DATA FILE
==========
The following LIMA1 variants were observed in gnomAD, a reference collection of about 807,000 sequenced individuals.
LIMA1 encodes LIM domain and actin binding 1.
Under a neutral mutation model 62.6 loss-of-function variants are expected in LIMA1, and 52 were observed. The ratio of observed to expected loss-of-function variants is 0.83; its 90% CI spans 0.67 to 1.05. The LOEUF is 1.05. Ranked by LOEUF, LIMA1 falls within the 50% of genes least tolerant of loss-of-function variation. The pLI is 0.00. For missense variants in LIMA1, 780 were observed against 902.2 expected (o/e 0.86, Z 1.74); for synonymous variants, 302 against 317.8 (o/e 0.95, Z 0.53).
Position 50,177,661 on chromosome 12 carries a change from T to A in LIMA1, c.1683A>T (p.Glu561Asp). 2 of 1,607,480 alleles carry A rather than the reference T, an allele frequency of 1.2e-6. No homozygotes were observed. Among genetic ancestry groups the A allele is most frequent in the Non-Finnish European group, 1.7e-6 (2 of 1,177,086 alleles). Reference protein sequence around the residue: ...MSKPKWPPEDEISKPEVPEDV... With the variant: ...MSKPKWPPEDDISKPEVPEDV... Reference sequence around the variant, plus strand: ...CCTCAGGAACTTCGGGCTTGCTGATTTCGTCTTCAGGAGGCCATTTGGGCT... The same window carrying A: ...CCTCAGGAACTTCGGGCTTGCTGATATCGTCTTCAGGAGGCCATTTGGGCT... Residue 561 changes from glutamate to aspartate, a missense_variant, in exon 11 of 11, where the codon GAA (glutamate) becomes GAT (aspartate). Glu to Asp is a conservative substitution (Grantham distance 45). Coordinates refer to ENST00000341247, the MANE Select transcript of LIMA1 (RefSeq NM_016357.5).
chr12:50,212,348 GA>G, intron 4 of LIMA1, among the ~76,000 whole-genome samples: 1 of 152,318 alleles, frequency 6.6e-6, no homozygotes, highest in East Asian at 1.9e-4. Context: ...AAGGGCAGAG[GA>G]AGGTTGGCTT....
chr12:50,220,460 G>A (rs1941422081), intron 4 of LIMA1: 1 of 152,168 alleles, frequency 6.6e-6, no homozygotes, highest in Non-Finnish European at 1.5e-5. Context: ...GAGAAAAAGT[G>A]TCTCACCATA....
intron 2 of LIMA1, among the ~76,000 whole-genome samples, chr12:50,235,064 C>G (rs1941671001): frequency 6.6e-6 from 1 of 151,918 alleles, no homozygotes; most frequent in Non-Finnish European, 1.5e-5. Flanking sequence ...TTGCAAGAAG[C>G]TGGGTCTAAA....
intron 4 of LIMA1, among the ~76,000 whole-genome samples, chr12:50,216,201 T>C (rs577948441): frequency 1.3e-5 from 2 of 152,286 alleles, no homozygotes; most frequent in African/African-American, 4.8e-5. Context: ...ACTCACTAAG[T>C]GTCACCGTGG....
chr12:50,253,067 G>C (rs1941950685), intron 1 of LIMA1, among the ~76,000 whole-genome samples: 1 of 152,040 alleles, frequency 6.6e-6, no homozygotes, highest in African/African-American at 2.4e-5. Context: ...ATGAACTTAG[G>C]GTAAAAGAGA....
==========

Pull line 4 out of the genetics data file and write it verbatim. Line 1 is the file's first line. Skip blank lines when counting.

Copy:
Position 50,177,661 on chromosome 12 carries a change from T to A in LIMA1, c.1683A>T (p.Glu561Asp). 2 of 1,607,480 alleles carry A rather than the reference T, an allele frequency of 1.2e-6. No homozygotes were observed. Among genetic ancestry groups the A allele is most frequent in the Non-Finnish European group, 1.7e-6 (2 of 1,177,086 alleles). Reference protein sequence around the residue: ...MSKPKWPPEDEISKPEVPEDV... With the variant: ...MSKPKWPPEDDISKPEVPEDV... Reference sequence around the variant, plus strand: ...CCTCAGGAACTTCGGGCTTGCTGATTTCGTCTTCAGGAGGCCATTTGGGCT... The same window carrying A: ...CCTCAGGAACTTCGGGCTTGCTGATATCGTCTTCAGGAGGCCATTTGGGCT... Residue 561 changes from glutamate to aspartate, a missense_variant, in exon 11 of 11, where the codon GAA (glutamate) becomes GAT (aspartate). Glu to Asp is a conservative substitution (Grantham distance 45). Coordinates refer to ENST00000341247, the MANE Select transcript of LIMA1 (RefSeq NM_016357.5).